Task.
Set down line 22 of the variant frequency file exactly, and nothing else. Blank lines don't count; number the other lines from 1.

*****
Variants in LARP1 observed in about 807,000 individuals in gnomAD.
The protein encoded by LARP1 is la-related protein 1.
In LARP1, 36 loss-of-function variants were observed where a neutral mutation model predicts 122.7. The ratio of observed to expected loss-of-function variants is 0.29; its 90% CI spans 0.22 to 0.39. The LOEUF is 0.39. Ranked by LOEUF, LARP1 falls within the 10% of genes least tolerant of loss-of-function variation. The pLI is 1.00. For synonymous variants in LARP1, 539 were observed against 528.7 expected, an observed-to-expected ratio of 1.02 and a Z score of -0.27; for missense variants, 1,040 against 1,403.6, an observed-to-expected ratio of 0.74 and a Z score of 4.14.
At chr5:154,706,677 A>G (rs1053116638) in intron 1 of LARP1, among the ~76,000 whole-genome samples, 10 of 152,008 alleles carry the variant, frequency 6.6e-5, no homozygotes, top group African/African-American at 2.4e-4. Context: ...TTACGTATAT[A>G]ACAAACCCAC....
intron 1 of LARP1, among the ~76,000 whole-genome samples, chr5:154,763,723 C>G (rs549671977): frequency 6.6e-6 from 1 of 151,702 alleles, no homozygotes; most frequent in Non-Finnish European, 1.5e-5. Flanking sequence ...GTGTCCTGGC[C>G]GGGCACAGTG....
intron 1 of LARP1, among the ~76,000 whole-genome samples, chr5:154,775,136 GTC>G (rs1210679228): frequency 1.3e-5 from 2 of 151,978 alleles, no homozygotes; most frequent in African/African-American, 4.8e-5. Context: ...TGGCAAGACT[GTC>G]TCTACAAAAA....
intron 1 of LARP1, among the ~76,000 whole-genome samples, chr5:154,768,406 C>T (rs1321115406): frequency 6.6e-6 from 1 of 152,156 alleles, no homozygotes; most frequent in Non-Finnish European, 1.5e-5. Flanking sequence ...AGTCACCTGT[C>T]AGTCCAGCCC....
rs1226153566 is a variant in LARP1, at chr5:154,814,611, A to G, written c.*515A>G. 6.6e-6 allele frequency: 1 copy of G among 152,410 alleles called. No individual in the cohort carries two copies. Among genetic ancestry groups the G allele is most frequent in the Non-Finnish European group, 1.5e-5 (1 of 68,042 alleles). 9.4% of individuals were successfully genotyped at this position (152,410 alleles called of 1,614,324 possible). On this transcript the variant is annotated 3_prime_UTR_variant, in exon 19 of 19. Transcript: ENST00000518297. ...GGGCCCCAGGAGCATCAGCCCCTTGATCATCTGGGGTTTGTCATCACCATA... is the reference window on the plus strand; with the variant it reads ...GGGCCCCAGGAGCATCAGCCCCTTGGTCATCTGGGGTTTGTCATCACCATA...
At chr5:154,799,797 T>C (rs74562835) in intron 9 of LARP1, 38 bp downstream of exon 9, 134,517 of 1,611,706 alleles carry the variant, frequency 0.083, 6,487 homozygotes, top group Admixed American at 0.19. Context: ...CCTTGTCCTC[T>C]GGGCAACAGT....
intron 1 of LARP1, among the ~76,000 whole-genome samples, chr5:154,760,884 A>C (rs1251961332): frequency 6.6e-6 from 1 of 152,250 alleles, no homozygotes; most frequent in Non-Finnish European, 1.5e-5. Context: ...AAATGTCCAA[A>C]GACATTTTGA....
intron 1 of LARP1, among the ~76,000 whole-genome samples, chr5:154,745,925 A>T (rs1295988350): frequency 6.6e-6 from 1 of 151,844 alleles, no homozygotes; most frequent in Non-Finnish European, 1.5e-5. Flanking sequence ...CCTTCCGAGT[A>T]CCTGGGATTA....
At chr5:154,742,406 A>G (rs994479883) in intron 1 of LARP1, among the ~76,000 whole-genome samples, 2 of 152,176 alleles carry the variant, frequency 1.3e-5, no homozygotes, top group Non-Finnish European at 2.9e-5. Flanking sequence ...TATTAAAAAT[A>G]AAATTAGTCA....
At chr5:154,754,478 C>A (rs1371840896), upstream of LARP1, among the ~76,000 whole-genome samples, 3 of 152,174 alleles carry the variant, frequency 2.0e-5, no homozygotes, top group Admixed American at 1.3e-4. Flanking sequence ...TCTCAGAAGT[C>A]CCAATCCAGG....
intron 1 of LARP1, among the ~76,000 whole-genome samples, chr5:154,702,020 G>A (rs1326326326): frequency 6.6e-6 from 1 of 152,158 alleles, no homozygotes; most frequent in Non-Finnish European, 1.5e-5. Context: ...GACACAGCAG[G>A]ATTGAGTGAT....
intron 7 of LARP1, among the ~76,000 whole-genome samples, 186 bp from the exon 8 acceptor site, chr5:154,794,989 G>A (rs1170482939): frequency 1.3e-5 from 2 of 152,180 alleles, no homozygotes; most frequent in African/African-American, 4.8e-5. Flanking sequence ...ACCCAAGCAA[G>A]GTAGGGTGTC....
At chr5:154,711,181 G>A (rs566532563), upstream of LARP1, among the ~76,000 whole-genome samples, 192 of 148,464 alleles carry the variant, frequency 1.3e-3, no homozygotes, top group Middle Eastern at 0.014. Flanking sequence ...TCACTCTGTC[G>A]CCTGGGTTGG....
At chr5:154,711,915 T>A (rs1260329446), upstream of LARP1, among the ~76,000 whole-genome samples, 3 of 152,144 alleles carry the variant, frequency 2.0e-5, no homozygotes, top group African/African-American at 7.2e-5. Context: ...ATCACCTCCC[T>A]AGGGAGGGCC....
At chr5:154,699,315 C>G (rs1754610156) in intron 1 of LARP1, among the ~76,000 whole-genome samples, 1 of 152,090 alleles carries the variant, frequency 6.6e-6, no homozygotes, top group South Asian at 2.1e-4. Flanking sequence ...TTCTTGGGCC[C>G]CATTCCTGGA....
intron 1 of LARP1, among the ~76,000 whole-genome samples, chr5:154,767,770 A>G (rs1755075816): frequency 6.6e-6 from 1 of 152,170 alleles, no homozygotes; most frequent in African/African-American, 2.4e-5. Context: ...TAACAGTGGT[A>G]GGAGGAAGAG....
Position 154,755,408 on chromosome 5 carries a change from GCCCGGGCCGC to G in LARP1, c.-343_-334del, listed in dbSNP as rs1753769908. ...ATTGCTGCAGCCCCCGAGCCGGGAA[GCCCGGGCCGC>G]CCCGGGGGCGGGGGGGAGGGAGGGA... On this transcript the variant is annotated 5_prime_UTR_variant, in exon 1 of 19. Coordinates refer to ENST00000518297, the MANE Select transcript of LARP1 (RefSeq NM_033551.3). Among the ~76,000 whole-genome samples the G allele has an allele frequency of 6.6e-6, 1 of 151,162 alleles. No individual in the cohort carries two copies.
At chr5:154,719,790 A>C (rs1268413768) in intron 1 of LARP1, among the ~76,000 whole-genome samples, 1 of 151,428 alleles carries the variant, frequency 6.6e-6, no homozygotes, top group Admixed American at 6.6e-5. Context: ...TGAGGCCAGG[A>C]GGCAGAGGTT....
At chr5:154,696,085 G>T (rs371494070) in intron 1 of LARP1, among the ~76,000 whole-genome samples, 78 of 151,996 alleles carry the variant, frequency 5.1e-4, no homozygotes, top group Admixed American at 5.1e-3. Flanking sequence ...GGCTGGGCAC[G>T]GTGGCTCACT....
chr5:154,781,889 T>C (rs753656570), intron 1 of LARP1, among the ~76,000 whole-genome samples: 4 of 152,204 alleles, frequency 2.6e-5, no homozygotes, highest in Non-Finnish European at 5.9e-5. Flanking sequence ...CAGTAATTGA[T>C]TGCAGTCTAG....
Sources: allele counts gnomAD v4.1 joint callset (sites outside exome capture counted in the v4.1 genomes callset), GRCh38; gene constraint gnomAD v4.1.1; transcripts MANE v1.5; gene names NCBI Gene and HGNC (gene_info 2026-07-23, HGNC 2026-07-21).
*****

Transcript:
At chr5:154,696,085 G>T (rs371494070) in intron 1 of LARP1, among the ~76,000 whole-genome samples, 78 of 151,996 alleles carry the variant, frequency 5.1e-4, no homozygotes, top group Admixed American at 5.1e-3. Flanking sequence ...GGCTGGGCAC[G>T]GTGGCTCACT....